Common Conditions

What causes dizziness?

A dizzy spell can be unnerving, but with a little detective work, your doctor may be able to find the cause. We look at what it is and common causes.

Bonnie Bayley
January 2019

Dizziness is often described as a sense of light-headedness or feeling faint, woozy, weak or unsteady.

It can also make you feel like you’re spinning or the room is moving around you – this could be a type of dizziness known as vertigo.

While dizziness rarely points to a serious disorder, it can be challenging and frustrating, particularly if your dizzy spells are severe or you have symptoms like nausea or ringing in the ears too.

What’s going on in my body when I feel dizzy?

“Our central balance comes from multiple parts of the body; the eyes, inner ear, muscles and skeletal system, so any number of things that affect those systems can cause dizziness,” explains Dr Abhi Verma, Royal Australian College of General Practitioners spokesperson and GP.

We do know that with vertigo tiny calcium carbonate crystals within the inner ear move out of position. This activates nerve cells that tell the brain your head’s moving, when it’s not. Causes can include head injury or inner ear problems (see below).

What conditions can cause dizziness?

There are many possible causes, including dehydration, hypotension (low blood pressure), anaemia, anxiety, pregnancy, heart problems (such as cardiac arrhythmias), head injury and neurological disorders like migraine.

Disorders of the inner ear, including benign paroxysmal positional vertigo (BPPV), Meniere’s disease and vestibular neuritis account for about half of all cases of persistent dizziness, reports Better Health Victoria.

“BPPV is probably the most common cause of dizziness that we see, although hypotension is also fairly common,” says Dr Verma.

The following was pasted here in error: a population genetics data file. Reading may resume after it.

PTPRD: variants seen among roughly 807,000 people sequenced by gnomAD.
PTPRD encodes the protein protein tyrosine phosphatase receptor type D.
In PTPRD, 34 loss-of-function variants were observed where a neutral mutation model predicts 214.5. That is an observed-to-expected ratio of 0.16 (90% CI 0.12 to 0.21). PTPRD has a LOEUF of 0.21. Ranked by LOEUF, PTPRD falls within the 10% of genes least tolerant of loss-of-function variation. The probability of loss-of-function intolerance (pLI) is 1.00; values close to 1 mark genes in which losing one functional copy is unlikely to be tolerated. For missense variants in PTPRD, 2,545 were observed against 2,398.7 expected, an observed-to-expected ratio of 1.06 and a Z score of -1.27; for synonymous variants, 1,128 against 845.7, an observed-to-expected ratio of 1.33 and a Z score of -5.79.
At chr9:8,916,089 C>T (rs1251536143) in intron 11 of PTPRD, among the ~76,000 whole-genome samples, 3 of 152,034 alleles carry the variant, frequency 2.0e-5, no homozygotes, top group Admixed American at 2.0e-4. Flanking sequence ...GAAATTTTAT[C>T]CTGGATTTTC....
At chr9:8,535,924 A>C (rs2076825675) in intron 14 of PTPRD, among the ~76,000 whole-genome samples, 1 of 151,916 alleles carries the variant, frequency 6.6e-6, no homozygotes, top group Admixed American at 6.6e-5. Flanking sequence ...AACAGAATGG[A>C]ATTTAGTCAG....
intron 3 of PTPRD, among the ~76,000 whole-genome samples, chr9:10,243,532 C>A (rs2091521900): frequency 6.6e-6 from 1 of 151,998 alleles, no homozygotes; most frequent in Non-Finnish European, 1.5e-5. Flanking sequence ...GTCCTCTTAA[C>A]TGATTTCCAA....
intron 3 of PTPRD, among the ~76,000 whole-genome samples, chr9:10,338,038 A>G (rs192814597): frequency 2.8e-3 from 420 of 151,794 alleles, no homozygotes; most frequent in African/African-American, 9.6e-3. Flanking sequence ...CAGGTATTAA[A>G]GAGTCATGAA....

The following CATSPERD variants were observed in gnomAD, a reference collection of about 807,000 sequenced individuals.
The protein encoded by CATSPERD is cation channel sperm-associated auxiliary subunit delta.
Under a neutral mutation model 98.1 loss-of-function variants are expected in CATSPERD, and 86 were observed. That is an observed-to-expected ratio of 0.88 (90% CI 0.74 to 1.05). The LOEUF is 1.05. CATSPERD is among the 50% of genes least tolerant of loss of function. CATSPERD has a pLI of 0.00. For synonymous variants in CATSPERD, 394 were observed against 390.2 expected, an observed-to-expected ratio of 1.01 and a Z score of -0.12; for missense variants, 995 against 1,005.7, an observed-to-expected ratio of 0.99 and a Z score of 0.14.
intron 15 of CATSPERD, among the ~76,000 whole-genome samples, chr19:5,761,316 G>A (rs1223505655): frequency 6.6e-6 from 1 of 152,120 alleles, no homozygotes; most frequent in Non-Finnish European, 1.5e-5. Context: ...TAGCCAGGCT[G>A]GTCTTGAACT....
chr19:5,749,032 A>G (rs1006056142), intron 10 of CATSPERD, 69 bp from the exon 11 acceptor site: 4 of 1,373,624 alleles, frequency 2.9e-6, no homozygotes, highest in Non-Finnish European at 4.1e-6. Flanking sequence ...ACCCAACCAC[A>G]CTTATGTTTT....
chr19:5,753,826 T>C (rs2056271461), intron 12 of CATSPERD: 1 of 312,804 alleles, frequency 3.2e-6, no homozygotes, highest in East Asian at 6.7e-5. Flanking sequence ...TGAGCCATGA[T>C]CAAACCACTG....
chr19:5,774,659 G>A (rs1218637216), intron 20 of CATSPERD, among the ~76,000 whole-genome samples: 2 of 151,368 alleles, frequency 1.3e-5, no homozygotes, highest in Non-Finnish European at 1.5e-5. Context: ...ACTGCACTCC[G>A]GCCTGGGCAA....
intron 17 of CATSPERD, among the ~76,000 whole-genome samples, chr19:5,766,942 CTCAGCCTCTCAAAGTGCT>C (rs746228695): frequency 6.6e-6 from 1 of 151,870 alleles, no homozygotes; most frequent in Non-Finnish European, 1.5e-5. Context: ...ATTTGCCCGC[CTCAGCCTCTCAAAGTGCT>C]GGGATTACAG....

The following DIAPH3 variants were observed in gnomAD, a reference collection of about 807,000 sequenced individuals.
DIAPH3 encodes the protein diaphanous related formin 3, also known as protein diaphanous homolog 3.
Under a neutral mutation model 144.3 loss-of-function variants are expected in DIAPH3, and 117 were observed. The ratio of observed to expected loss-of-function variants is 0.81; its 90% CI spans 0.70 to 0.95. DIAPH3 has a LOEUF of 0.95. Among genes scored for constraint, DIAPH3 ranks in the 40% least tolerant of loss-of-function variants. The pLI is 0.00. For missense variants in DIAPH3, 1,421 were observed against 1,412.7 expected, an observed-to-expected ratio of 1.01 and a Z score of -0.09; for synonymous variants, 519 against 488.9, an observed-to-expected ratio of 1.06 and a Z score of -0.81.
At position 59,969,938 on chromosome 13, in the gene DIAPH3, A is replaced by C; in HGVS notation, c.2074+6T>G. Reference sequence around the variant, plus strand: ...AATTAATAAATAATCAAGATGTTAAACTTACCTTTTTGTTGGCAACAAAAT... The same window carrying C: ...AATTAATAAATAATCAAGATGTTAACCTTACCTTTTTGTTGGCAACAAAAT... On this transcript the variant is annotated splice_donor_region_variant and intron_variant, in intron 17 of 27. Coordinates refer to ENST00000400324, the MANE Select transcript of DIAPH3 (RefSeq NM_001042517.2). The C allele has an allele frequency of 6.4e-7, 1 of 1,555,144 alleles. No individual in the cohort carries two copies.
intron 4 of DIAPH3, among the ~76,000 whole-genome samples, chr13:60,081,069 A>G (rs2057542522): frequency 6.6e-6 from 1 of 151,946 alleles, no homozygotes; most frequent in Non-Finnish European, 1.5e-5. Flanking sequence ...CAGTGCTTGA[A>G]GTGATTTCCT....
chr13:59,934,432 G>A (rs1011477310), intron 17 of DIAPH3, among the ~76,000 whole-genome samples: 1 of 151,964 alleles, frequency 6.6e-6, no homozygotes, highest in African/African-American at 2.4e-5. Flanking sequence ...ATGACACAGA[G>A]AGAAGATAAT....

You may find you’re more prone to dizziness as you get older – this could be down to a medical condition or a side effect of medication.

When should I seek help?

If dizziness is prolonged, recurrent, severe or comes with symptoms like ringing ears, headaches or vomiting, see your GP.

If necessary, they can organise a neurological examination, blood tests or brain imaging. They can also refer you to specialists like a neurologist, ENT (ear, nose and throat) specialist or physiotherapist.

What treatments are available?

Dizziness often improves by itself, but if you need treatment, it’ll depend on the underlying cause and your symptoms. Medications, dietary changes or other exercises may be part of a treatment plan.

“For example, BPPV responds favourably to the Epley manoeuvre [a series of exercises that help reposition ‘crystals’ in the ear], whereas there’s no cure for Meniere’s disease, it needs to be managed long-term by an ENT,” says Professor Dr Margie Sharpe, director of the Dizziness & Balance Disorders Centre.

“If you’re finding it difficult to get answers, the best thing to do is see a vestibular physiotherapist,” suggests Sharpe. The physio will work on balancing exercises. You don’t need a referral, though your doctor may be able to help you find one.

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